- If a blue card or a brown “leather” pinned-on tag (some of these might say “Made by CGM Co. Ltd.”), or a dust bag in a light brown or beige colour saying “UGG” or sometimes “Snow Boots” goes with the pair of UGGs, then it’s a fake. Most “innocent” purchasers are fooled by this seeming “attention to detail” or “extra touches”. The truth is that no pair of genuine “UGG Australia” boot has a pinned-on label (or with “sample fur” attached) or comes with a dust/protection bag or shopping bag!
- If you happen to bring with you (or wear) a pair of genuine UGGs, or one of your companions brought with him his genuine UGGs, try to compare your genuine UGGs with a fake side-by-side; a fake one that is the same “model” as your genuine UGGs either will be taller or shorter than yours.
- Also, while still on the subject of side-by-side comparison, the “UGG” label on the rear of the boots is higher up on a fake and the lettering is different from the genuine UGG. The letters may have gaps between them in the fake, while in the real, they are overlapping. Lastly, the word “australia” on the “UGG Australia” logo is in a bolder font on the fake than on a genuine UGG.
Now, suppose that the counterfeiters have exceedingly gotten better, and, so far, the UGGs you are looking at have passed all the “visual” tests above. There are yet some more ‘tests” that you can do to “root out” the fakes. For instance, try this FIT TEST: If you know your boot size, try asking for a pair of UGGs whose size is higher up by one “notch” than your size, then try wearing them. If they are genuine UGGs, they should fit snugly, or they should even be a little loose-fitting. Fake UGGs, on the other hand, are notoriously ill-fitting!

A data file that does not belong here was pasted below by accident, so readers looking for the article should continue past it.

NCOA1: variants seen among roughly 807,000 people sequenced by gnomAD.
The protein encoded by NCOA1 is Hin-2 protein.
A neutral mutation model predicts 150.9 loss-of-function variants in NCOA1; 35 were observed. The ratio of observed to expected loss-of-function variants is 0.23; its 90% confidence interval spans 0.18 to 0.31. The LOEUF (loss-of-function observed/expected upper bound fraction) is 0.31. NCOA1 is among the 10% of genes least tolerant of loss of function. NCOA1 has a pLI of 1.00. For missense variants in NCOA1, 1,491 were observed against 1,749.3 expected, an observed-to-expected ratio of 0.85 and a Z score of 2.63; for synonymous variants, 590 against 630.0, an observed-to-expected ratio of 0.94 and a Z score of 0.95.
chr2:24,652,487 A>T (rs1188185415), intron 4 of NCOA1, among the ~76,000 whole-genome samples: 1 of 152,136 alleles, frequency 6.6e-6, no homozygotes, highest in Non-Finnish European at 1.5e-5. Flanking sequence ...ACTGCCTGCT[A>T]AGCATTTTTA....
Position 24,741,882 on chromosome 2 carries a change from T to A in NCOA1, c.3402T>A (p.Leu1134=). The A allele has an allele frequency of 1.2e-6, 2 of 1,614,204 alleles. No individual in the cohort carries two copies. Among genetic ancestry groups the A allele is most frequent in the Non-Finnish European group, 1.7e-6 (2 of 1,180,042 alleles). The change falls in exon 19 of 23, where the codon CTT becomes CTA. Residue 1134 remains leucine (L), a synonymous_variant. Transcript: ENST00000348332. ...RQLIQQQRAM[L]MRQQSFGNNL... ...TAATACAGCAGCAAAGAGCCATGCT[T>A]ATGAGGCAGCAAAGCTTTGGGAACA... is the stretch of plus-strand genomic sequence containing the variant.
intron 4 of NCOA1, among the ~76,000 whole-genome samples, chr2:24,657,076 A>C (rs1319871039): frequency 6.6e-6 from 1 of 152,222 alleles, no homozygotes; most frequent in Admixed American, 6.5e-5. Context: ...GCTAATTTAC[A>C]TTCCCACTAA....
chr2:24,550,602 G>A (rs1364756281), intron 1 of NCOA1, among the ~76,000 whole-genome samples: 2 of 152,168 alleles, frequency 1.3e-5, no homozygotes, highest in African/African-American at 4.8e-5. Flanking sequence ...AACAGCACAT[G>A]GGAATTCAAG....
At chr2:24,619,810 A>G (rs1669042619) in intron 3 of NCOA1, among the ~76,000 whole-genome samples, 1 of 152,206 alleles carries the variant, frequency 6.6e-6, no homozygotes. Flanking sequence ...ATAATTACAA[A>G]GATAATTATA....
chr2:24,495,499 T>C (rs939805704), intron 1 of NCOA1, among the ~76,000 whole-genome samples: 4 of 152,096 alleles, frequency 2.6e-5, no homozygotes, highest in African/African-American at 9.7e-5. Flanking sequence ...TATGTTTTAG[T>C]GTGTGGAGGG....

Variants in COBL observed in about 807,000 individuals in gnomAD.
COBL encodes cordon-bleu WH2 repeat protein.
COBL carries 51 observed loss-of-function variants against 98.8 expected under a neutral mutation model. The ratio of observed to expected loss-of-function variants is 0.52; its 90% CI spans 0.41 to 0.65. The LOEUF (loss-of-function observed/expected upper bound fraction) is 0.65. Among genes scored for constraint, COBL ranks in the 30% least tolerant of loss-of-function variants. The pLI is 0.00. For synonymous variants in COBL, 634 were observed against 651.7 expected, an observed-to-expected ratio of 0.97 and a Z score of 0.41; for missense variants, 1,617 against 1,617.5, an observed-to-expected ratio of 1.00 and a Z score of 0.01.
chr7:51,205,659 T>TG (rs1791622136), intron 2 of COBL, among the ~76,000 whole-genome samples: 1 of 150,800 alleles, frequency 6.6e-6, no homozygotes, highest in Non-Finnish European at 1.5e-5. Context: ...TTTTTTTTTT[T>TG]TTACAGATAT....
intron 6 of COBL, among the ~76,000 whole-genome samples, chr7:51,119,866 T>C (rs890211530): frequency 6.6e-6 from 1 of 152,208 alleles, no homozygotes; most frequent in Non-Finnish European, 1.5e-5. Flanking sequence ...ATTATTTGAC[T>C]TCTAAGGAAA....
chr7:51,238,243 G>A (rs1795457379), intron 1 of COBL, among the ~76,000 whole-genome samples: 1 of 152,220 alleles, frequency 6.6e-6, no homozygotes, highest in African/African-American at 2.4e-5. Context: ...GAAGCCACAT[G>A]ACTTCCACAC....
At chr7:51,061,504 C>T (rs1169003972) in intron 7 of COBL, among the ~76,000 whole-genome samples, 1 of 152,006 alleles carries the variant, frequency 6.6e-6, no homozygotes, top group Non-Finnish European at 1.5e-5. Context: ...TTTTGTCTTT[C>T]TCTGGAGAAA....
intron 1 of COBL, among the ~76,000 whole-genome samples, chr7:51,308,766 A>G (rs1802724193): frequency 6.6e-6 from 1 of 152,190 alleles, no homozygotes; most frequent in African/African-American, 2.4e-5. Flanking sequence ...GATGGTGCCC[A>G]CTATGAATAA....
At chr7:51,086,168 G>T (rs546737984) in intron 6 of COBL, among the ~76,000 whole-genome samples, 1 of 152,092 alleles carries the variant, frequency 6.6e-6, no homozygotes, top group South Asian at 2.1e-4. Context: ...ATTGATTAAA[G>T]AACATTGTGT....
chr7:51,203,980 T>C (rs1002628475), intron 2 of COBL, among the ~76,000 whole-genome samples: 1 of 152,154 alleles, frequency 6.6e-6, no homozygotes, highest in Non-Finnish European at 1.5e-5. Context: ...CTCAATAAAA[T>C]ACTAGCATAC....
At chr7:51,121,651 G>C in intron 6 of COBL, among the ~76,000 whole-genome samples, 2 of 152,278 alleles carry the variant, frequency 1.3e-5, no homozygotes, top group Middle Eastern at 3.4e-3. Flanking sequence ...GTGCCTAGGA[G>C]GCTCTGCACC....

Want more ‘tests”? Try these simple FUR TESTS: Look at the boot’s interior fur. Genuine UGG fur are fluffy-looking and thick, and they should have a rich cream color. Fake UGG fur, on the other hand, are synthetic and are thin- and delicate-looking, and they are “greyish” or “white”, instead of being cream-colored. Now “feel” the fur with your hands. They should “feel” very soft. Next, try rubbing your fingers against them. You could tell the fakes because bits of them would “come off” or “come away” even with just a slight “rubbing.” Lastly, smell the boot’s interior and the fur. If there’s even just a slight paint or “lacquer” smell to them, then that’s your indication that the boots are fake. Genuine UGG fur don’t have even just a slight hint of that “lacquery” smell, because genuine fur doesn’t have to be dyed to “pass” it off as the “real thing”.
Let’s try a “new” approach to these ‘tests”; instead of testing the boots, let’s TEST THE SELLER. Here are some ways by which it can be done:
- Strike up a conversation with the seller about UGGs and where they are made. If he/she mentions that the genuine ones are made in Australia and/or New Zealand, then he/she is selling fakes. Likewise, if the seller fails to mention the Deckers Outdoor Corporation (or Deckers, Inc.) as the “parent” company, then that’s another sign that he/she is selling fakes.
- Try “feigning” a slight disappointment with the “model” or boot size that was presented to you, like perhaps it’s just not what you want. If the seller says, “Take your time choosing. I have lots of different “models” and sizes for you to choose from.”, then, chances are, he/she is selling fakes, because UGGs are, by the very nature of their “raw” materials, scarce or in limited supplies. Anyone who has a truckload of them at this time of the year is highly suspicious!
- Next, look around the place and try mentioning a “model” that isn’t there, asking him/her if he can “order” it, how many days it will take, and from where does he/she get it. If the seller mentions getting it directly from his supplier in China, then he/she is selling fakes. While it is true that all of Deckers” UGGs are manufactured in China, a seller/reseller doesn’t get them directly from China.
That’s it. I have already covered the bases here. By no means this is a “comprehensive” list of ‘tips” on discerning a genuine UGG from a fake one; in fact, a fake UGG may pass all of the “visual” telltale signs which I mentioned above (perhaps because the counterfeiters themselves have “wised up”), but, for sure, a lot of fake UGGs fail the “FIT TEST” and the “FUR TESTS” mentioned above, while a lot of their sellers fail the ‘tEST THE SELLER” tests.